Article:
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The play, Waiting for Godot, by Samuel Beckett, tells the story of two tramps (Estragon and Vladimir) who wait for a mysterious man named Godot. Waiting for Godot is an unconventional story, not only are its event are random and sporadic, but the two acts of the play are also almost completely identical to one another. Beckett’s work portrays the philosophical ideal of absurdism, or the belief that human beings exist in a purposeless universe. It is through the work’s language, ambiguity of time throughout the play, and overall anticlimactic wait for Godot that Beckett introduces the theater of the absurd and the idea that human struggles are futile in the senseless and chaotic world which they live in.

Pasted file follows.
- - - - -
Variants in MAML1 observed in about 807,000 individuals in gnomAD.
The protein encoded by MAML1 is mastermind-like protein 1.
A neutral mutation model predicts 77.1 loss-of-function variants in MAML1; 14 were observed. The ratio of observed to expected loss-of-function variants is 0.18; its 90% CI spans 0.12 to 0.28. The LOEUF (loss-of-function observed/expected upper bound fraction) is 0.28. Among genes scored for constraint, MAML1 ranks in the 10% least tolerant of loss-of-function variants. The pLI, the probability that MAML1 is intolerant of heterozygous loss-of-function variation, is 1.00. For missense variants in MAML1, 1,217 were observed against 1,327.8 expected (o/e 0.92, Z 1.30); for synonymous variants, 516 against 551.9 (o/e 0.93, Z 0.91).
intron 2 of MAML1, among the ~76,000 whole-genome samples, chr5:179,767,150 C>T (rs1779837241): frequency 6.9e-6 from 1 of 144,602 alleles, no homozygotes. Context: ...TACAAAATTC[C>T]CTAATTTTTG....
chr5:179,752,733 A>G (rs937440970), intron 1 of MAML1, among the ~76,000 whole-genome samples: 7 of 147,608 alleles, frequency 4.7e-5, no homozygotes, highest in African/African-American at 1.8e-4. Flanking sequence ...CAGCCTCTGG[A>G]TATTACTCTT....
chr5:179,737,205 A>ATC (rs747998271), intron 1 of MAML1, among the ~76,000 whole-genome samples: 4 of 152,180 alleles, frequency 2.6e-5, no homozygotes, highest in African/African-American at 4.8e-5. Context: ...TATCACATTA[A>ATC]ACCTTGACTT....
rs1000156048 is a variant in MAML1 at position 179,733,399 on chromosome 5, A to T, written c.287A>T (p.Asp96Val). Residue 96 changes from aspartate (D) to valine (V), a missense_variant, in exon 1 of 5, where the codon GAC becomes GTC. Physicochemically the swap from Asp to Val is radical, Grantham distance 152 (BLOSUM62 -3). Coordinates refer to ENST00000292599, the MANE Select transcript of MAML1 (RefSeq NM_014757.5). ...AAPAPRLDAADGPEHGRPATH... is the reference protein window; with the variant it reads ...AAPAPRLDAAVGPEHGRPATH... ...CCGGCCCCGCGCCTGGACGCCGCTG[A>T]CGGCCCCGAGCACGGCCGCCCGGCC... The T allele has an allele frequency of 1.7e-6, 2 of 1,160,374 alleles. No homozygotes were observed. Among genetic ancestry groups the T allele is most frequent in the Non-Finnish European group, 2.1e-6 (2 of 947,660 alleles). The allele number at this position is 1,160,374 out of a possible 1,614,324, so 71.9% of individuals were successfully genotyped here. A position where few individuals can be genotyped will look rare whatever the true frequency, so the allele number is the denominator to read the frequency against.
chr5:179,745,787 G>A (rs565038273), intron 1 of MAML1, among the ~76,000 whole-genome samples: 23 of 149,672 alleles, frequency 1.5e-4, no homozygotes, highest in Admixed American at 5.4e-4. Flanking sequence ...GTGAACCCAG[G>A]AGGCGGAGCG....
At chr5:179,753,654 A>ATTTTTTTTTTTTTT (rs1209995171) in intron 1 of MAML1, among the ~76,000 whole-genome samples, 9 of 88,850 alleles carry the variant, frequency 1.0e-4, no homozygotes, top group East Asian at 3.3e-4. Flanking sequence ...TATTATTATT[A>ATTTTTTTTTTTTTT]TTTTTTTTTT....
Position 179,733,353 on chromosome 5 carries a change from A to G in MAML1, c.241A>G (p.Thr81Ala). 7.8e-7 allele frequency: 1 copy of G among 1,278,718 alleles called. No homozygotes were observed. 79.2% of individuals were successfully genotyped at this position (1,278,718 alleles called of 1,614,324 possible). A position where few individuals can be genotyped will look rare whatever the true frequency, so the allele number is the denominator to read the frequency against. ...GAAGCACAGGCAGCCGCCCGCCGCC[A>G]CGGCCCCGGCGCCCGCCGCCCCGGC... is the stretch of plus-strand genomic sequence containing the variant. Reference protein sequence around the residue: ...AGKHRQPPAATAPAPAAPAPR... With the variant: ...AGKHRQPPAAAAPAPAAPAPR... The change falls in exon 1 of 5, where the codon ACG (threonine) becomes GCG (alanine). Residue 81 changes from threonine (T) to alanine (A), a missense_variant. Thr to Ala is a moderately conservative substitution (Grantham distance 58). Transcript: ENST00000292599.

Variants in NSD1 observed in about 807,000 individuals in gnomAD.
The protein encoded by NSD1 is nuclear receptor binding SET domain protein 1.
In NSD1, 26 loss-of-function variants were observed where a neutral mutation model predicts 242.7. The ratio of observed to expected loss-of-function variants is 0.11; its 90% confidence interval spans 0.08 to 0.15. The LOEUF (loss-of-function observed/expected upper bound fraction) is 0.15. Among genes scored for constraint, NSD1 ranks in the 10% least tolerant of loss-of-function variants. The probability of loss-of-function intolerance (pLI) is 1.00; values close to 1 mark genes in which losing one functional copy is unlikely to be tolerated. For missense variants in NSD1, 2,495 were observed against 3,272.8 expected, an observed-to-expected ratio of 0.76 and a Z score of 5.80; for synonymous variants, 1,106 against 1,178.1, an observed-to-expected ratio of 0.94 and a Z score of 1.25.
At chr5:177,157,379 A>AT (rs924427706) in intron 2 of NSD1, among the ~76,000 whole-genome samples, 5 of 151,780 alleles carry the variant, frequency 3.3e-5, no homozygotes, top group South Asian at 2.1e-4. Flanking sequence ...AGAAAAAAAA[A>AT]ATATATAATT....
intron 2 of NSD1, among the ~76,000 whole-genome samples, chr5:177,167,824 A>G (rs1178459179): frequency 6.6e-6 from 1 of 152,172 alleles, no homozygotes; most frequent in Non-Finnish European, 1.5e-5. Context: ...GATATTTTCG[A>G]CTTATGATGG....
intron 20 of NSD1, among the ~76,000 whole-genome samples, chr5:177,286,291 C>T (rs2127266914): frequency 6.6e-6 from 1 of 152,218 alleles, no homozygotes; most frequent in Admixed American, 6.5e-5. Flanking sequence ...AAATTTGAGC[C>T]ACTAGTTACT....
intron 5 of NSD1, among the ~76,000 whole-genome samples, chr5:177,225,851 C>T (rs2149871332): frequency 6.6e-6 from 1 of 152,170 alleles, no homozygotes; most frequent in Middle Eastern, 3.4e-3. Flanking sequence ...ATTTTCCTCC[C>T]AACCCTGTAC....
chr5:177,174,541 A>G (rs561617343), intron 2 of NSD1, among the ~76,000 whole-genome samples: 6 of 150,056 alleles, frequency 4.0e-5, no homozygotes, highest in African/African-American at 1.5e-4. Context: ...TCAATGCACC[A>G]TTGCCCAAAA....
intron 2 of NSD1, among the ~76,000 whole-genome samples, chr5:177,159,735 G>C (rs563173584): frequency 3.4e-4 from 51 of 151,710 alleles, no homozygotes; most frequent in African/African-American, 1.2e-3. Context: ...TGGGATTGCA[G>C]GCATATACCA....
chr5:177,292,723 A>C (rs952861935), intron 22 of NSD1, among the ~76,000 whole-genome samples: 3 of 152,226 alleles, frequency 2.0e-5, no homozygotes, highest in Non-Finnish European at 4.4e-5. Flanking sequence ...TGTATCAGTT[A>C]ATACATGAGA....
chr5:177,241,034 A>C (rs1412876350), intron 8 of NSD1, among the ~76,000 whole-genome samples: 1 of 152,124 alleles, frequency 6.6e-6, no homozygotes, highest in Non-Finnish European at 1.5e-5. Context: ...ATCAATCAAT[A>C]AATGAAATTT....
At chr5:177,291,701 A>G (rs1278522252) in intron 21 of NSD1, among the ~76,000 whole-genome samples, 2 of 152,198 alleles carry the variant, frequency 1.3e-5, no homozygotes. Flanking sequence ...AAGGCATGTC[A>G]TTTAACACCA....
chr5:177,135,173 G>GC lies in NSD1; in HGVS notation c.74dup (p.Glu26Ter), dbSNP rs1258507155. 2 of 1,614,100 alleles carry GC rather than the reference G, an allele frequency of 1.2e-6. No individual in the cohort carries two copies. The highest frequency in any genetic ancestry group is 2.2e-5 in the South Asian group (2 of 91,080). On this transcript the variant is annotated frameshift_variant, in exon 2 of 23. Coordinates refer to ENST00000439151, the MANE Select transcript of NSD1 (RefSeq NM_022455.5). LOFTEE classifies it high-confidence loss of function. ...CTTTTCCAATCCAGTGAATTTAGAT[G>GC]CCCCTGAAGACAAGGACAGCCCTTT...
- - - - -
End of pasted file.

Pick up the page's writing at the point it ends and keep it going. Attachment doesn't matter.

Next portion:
The theater of the absurd is most obviously seen in Beckett’s language, particularly in the work’s dialogue. Language, a way to show communication, is traditionally provokes understanding and comprehension in the audience. In Waiting for Godot, however, language is meant to confuse readers and viewers. This is because absurdists believe that language is a flawed as communication. Beckett uses the cyclical nature of the novel and the character’s conversations to shows this belief. This is exemplified through the two protagonists’ conversations. Often, Vladimir and Estragon will participate in broad, open conversations that have little meaning and to which no conclusion is reached. While they talk for the majority of the work, their conversations are shallow. Though they have the potential to be meaningful, the characters, never reach a level of deep understanding. This is best exemplified in Act One, when Vladimir and Estragon discuss the story of Jesus saving a thief who was crucified next to him. They discuss the absurdity that people believe this version of the story, despite “…all four [disciples] were there. And only one speaks of a thief being saved.” (Act 1, Beckett). They then conclude that “…people are bloody ignorant apes…” (Act, 1 Beckett). Though this is a deep and philosophical thought, Vladimir and Estragon barely scratch the surface of the topic quickly settle on a conclusion that people are ignorant. Their lack of understanding coincides with absurdist beliefs that everything is meaningless. Even though the two discuss the crucifixion and come to a rather wise conclusion, ultimately it does not matter because everything is meaningless, not matter what level of understanding one has of the topic. Beckett also breaks conventional language rules to convey absurdism. In the play, pauses, or the lack thereof, are just as important as the words spoken by characters. Many of the characters ramble without any pauses of punctuation to end sentences. This is most obvious in Lucky’s rant in Act One, when he proclaims, “…it is established beyond all doubt that in view of the labors of Fartov and Belcher left unfinished for reasons unknown of Testew and Cunard left unfinished…” (Act 1, Beckett). This is a stream of consciousness that lasts almost two pages without any form of sentence ending punctuation. Ramblings such as this further the idea in absurdist works that language is not used as a tool to provoke understanding, but rather prohibits comprehension.